When will public corporations like Starbucks learn to keep their mouths shut about politics and religion?

And when will they understand customers don’t want to hear their thoughts on anything other than how to make a good cup of morning Joe?

Wait, can we still say “morning Joe”, or is that also now considered offensive?

When Starbucks decided to remove “Merry Christmas” from their holiday cups, then-candidate Trump immediately responded with a tweet:

“I have one of the most successful Starbucks, in Trump Tower. Maybe we should boycott Starbucks? I don’t know … That’s the end of that lease, but who cares?”

Conservatives paid attention and a successful boycott ensued. Less than 12 hours after Trump’s tweet, Starbucks stock plummeted 11%. Sales continued to decrease afterwards.

During a campaign rally, Trump proclaimed, “If I become president, we’re all going to be saying Merry Christmas again, that I can tell you. That I can tell you.”

When you live in a leftist echo chamber such as Seattle, it’s easy to underestimate the power of conservative dollars. Starbucks CEO Howard Schultz no doubt expected accolades from the leftist elites.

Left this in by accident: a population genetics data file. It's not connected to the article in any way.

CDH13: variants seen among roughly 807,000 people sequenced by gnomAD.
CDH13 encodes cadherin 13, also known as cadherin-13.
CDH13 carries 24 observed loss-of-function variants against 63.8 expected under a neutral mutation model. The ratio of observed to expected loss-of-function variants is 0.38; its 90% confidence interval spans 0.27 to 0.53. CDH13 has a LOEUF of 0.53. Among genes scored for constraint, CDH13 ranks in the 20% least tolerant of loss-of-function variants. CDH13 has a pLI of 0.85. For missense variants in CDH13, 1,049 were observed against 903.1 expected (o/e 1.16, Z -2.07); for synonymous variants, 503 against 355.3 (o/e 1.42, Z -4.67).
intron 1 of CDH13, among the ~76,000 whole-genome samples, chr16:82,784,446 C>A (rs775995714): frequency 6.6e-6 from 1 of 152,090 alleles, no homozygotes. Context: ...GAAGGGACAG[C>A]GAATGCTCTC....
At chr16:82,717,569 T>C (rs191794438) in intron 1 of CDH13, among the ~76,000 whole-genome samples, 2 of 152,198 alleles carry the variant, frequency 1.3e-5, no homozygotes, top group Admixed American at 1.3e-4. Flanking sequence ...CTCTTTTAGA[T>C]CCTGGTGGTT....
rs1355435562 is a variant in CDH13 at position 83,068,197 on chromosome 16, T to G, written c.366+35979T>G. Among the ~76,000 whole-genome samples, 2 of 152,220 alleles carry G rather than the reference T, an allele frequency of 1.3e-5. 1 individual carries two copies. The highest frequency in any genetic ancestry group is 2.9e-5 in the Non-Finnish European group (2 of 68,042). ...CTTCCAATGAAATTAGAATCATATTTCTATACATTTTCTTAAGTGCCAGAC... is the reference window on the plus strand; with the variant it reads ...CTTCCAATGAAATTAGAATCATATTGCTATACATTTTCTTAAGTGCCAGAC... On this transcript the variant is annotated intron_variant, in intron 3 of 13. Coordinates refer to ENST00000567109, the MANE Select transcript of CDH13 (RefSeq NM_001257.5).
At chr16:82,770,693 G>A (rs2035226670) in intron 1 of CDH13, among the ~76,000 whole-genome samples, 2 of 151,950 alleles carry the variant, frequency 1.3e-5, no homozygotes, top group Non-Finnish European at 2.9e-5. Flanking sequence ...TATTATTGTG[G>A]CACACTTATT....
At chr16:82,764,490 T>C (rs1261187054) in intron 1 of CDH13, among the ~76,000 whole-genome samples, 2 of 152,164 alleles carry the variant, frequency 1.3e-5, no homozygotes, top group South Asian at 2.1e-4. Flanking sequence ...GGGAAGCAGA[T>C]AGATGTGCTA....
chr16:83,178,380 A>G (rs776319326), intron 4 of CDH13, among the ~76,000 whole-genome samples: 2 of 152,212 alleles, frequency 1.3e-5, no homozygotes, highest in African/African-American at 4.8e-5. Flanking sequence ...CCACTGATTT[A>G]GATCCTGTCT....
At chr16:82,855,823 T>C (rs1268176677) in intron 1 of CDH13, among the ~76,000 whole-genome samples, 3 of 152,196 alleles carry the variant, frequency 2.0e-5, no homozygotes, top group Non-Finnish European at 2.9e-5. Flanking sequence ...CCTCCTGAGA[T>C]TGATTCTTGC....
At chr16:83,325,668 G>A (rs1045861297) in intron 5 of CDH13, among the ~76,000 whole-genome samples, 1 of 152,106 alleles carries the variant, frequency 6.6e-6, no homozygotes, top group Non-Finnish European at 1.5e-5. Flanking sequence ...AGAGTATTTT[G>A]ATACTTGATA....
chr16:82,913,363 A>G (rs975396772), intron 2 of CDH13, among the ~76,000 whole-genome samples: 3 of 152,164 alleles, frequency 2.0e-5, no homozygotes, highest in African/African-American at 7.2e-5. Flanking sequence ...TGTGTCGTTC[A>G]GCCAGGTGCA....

Starbucks clearly hasn’t learned their lesson because now they are touting their special program to hire 10,000 refugees worldwide by 2022. Will this be at the cost of hiring natural born citizens of those countries?

Of course, a company has the freedom to hire as they see fit and hiring refugees isn’t a problem if they are the most qualified applicant for a job.

But Starbucks can’t seem to do anything without sending out a press release seeking public adoration and increased sales. Not exactly a pure act of “humanitarian assistance”.

The company’s board of directors has grown tired of Schultz’s corporate-funded bully-pulpit and is replacing him as CEO. In an attempt to win back conservative customers, Starbucks has increased their program to hire veterans and their spouses from 10,000 to 25,000.

Now that conservatives have enjoyed a taste of victory from these boycotts, leftist CEOs should think twice before misusing their positions of power to push personal agendas.